astaxanthin antioxidant benefits in skincare

Some people like fish. I’m not one of those people.

I like chocolate. It tastes better. And it’s just as good for you. Especially when it contains fish. I know, ewww! Let me start again.

Salmon, shrimps and lobster (I know they’re not all fish, but you get the point) are so healthy because they contain astaxanthin, the antioxidant that gives them their pinkish/reddish colour.

And now chocolate has it too. Estechoc, a new bar of dark chocolate I’ve recently discovered during a wine tasting (ah the cool life of beauty bloggers 🙂 ) is loaded with astaxanthin.

WTH? Why would you put it there?

I just had to know more, my friend. So, between one delicious bite and another, I put my Sherlock cap on and started investigating. Here’s the evidence I uncovered:

What Is Astaxanthin?

Astaxanthin is a red carotenoid naturally found in lots of plants and algae and the animals that eat them. Flamingos, shrinks, salmon and lobsters munch on red algae and literally turn pink (or red). Pretty cool, eh?

But that’s not all astaxanthin does for them. It protects their skin and eyes from UV rays (yep, animals have their own sunscreen too).

P.S. In case you were wondering, the astaxanthin used in your lotions and potions comes from algae, not lobsters.

Struggling to put together a skincare routine that minimises wrinkles, prevents premature aging, and gives your complexion a youthful glow? Download your FREE “Best Anti-Aging Skincare Routine” to get started (it features product recommendations + right application order):

Astaxanthin Skin Benefits: What Does It Do For Skin?

Like all antioxidants, astaxanthin is a multitasker:

1. Astaxanthin Is A Powerful Antioxidant

All carotenoids are antioxidants. But, they’re not created equal. Astaxanthin is one of the best.

It fights oxidative stress, which is a fancy way of saying it destroys the free radicals that cause premature wrinkles. Some studies show it does it 1000 better than vitamin E, another popular antioxidant.

It’s also several times more powerful than vitamin C, coenzyme Q10, alpha lipoic acid and many other antioxidants out there.

Instead, it seems to be less powerful than lycopene, the fellow carotenoid in tomatoes. I say “seems” because how well an antioxidant works also depends on how well it can be absorbed. Astaxanthin can cross blood brain barrier while lycopene can’t. So, using them together may be best. As I always say, the more antioxidants you use, the better.

Cool, but what do scientific studies say? Does this stuff work when you put it on the skin?

According to a 2012 study, 36 Japanese men who took astaxanthin supplements saw incredible results. Their wrinkles got smaller, their skin was more elastic and hydrated and even oil production was under better control.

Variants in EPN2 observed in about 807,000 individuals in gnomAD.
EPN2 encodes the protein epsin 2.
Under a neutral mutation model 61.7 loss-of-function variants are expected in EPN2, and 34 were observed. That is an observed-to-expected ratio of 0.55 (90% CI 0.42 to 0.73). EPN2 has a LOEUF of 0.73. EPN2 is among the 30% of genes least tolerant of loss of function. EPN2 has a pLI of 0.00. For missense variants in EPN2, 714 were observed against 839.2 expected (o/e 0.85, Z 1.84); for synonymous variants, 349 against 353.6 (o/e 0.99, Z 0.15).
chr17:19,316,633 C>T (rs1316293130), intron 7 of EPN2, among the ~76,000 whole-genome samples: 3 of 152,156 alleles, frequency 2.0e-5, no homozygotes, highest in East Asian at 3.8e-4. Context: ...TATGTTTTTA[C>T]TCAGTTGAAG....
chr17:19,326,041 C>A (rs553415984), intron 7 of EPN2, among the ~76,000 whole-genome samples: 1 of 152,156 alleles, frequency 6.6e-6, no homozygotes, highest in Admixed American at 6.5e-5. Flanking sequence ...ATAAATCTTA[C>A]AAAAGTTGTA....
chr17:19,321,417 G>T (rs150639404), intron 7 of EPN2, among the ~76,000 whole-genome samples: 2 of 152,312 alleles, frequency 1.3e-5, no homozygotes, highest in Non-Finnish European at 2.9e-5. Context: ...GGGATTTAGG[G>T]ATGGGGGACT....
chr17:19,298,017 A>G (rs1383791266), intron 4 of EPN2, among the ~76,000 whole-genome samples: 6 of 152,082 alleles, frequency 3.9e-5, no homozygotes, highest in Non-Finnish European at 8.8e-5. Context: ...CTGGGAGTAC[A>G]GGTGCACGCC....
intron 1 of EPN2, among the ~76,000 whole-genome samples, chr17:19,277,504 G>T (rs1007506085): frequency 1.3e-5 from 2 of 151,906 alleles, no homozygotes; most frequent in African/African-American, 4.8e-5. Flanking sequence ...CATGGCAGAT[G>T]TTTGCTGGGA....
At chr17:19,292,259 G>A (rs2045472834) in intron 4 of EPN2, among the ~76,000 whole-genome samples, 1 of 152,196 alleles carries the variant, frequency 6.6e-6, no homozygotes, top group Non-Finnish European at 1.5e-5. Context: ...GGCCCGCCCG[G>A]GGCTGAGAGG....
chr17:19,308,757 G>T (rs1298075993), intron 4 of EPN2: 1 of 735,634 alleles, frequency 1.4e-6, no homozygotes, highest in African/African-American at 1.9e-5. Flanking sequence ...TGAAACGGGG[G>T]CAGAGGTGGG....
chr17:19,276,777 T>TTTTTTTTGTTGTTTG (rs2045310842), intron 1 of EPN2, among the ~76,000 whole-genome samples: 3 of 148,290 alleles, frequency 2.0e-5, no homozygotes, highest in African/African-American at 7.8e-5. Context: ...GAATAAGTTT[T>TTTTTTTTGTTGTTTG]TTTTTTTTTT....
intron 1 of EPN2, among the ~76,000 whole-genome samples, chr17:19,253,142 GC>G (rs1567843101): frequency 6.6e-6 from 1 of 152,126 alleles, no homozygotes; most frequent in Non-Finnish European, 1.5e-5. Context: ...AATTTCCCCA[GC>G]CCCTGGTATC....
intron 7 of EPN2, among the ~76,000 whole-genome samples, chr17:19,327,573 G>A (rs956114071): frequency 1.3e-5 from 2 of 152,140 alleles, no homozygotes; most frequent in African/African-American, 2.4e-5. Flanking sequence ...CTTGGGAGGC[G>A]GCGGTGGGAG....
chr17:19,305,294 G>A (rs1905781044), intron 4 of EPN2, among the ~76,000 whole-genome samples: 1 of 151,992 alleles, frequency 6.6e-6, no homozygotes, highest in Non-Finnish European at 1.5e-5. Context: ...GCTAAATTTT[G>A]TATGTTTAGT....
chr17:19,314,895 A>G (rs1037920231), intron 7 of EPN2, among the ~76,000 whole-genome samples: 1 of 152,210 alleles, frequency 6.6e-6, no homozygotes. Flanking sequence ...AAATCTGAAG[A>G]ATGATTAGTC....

A similar study was done on women (they took supplements and used a cream with astaxanthin) and had similar results. Sadly, that was a non-controlled study, so it’s not as reliable. It’s good to have the men’s study to back up the claims.

We also know that astaxanthin is small and lip-soluble, so it doesn’t have any problems penetrating skin.

Related: The Most Common Antioxidants Used In Skincare: Which Ones Are Best?

2. Astaxanthin Has Soothing Properties

You know what else astaxanthin does better than vitamin E, and at lower concentrations too? Heal and soothe the skin. It works because it has powerful anti-inflammatory properties too.

Related: The Truth About Vitamin E: Can It Really Heal Scars?

3. Astaxanthin Boosts Sun Protection

Let’s get this straight from the beginning. Astaxanthin is NOT a sunscreen. I repeat, astaxanthin is NOT a sunscreen.

Astaxanthin can boost the protection your sunscreen gives you, but you can’t use it as a replacement. NEVER. Not even once. Got it?

Good. Let’s get on with it then.

Astaxanthin provides sun protection in three different ways:

  • It blocks a small amount of UV rays
  • It destroys some of the free radicals generated by UV rays (they would cause sun damage, otherwise)
  • It inhibits the formation of matrix metalloproseinases (MMP) created by UV rays (they contribute to sun damage and aging too)

Talk about multi-tasking!

Related: Do Plant Extracts And Oils Provide Adequate Sun Protection?

Does Astaxanthin Have Any Side Effects?

Remember earlier where I mentioned the animals that gobble down this stuff take on a pinkish hue? The same can happen to your skin, if you use too much of it.

Sort of. You won’t become as red as a lobster (pheww!), but you can get a bit of an orangey/reddish tint.

FIY, this hasn’t happened to me so far with Estechoc. Again, it’s the excess that causes problems.

What Are The Best Skincare Products With Astaxanthin?

Here’s the thing. Astaxanthin tends to be on the pricey side, so not many brands use it. Here are the best products I’ve found so far:

  • Derma E Age-Defying Day Creme with Astaxanthin ($31.60): available at iHerb
  • Drunk Elephant Umbra Sheer Physical Defense SPF 30 ($38.00): available at Sephora

The Bottom Line

Astaxanthin can give a you bit of tan (let’s call it like that, shall we?), but it also fights wrinkles, prevents sun damage, soothes skin and boosts your sun protection too. Why not give it a go?